There is exist tradition to formulate axiom schemes such as induction, comprehension or replacment in a way like "for each formula $\phi(y,\overline{x})$ with free variables $y$ and $\overline{x}=x_1,...,x_n$ we have $\forall \overline{x} ( \text{text of axiom scheme which include } \phi(y,\overline x))$". To not be vague, let take as archetypical example comprehension scheme for second order arithmetics from ncatlab article.

$ \forall \overline m \forall \overline X \exists Z \forall n (n \in Z \leftrightarrow \phi(n,\overline m, \overline X))$

I choose that example because I don't know it is equivalent to axiom without parameters or not, whenever equivalence to $ZFC$ or first order $PA$ to versions without parameters is classical result. I understand that apriori allowing parameters could increase expressible power of our system, but I don't understand why we not allowing not only $\Pi_1$ parameters but parameters of all type like, for example, next $\Sigma_3$ axiom scheme

$\exists \overline m_1 \exists \overline X_1 \forall \overline m_2 \forall \overline X_2 \exists \overline m_3 \exists \overline X_3 \exists Z \forall n (n \in Z \leftrightarrow \phi(n,\overline m_1, \overline X_1, \overline m_2, \overline X_2, \overline m_3, \overline X_3))$

it seems for me like it could increase our expressible power a lot, so, why it is not traditional?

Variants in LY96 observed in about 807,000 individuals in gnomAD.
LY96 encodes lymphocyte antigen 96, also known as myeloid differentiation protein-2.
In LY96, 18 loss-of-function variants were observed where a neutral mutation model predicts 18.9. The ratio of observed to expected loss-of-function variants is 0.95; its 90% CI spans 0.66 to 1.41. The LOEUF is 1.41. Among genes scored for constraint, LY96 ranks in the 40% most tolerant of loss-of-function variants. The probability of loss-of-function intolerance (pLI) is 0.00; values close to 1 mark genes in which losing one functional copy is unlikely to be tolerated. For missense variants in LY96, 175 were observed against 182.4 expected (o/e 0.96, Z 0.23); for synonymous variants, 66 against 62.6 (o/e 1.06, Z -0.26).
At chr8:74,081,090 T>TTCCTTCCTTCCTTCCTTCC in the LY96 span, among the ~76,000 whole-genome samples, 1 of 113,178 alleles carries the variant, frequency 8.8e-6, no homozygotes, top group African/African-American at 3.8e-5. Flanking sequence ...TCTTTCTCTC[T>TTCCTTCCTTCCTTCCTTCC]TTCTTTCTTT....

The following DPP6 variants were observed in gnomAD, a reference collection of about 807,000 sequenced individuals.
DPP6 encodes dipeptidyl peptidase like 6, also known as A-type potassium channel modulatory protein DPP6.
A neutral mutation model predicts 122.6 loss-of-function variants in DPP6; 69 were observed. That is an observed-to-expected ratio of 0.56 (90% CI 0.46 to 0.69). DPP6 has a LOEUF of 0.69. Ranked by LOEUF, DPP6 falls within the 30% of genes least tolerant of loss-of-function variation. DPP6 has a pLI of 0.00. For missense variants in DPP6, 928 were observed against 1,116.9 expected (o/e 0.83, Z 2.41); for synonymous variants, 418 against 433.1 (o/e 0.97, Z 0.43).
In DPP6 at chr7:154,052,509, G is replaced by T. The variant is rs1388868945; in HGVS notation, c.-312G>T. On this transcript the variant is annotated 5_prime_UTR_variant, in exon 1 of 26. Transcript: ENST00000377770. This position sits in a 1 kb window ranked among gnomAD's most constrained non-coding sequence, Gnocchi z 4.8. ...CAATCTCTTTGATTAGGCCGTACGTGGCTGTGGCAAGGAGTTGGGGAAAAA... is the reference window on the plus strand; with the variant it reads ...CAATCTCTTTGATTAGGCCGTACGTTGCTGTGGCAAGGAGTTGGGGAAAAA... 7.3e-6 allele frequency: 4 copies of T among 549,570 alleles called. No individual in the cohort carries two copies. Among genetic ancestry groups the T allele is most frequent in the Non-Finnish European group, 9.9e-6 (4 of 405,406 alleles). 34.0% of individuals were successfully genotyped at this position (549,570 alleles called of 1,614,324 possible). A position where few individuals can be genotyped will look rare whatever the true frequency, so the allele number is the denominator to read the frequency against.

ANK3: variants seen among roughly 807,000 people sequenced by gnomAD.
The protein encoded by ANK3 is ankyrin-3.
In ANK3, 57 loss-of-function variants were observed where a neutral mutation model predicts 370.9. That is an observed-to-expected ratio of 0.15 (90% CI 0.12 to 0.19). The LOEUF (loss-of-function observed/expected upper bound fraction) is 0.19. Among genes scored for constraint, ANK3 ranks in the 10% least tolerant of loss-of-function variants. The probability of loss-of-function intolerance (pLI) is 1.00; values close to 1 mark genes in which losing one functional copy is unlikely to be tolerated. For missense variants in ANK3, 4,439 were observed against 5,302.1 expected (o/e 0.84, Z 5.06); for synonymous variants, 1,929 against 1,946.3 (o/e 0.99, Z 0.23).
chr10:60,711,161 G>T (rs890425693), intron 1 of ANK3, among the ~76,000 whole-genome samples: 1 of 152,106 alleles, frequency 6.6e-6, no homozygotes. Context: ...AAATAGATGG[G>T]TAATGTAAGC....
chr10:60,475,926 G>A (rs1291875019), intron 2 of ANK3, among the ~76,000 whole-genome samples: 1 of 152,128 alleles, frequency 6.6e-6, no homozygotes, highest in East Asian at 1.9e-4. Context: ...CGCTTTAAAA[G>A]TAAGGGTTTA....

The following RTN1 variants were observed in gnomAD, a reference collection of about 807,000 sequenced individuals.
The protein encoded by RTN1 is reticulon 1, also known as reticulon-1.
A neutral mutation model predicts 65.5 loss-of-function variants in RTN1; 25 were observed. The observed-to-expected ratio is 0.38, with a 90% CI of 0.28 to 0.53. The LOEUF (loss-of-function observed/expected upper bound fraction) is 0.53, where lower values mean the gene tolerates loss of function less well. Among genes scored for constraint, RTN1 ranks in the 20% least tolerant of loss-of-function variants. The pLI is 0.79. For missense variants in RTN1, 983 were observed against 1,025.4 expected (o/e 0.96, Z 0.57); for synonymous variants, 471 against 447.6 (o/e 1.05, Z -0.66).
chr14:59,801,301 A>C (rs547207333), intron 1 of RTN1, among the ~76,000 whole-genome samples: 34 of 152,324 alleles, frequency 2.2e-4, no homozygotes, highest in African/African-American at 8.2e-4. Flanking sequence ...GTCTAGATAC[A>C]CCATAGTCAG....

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    $\begingroup$ @MauroALLEGRANZA You are right it was mistyping. I am fix it $\endgroup$ – kp9r4d Mar 13 at 12:33
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    $\begingroup$ What does it mean for a parameter to be $\Pi_1$? $\endgroup$ – Asaf Karagila Mar 13 at 12:45
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    $\begingroup$ I'm not sure to understand what kind of "flexibility" are you thinking about... Consider the simple case $∀m∃Z∀n(n∈Z ↔ ϕ(n,m))$; the schema means that, for fixed $\phi$, we have a "collections" of sets $Z_m$, one for each value of the parameter $m$. $\endgroup$ – Mauro ALLEGRANZA Mar 13 at 12:57
  • $\begingroup$ If we instead use $∃$ what we get is $∃m∃Z∀n(n∈Z ↔ ϕ(n,m))$ that means that - for the specific value of $m$ that satisfies the formula - we have a single set $Z$. $\endgroup$ – Mauro ALLEGRANZA Mar 13 at 12:58
  • $\begingroup$ @AsafKaragila It means that it have form $\forall \text{param} (\text{axiom scheme})$ as analogy to arithmetical hierarchy of formulas. $\endgroup$ – kp9r4d Mar 13 at 13:00

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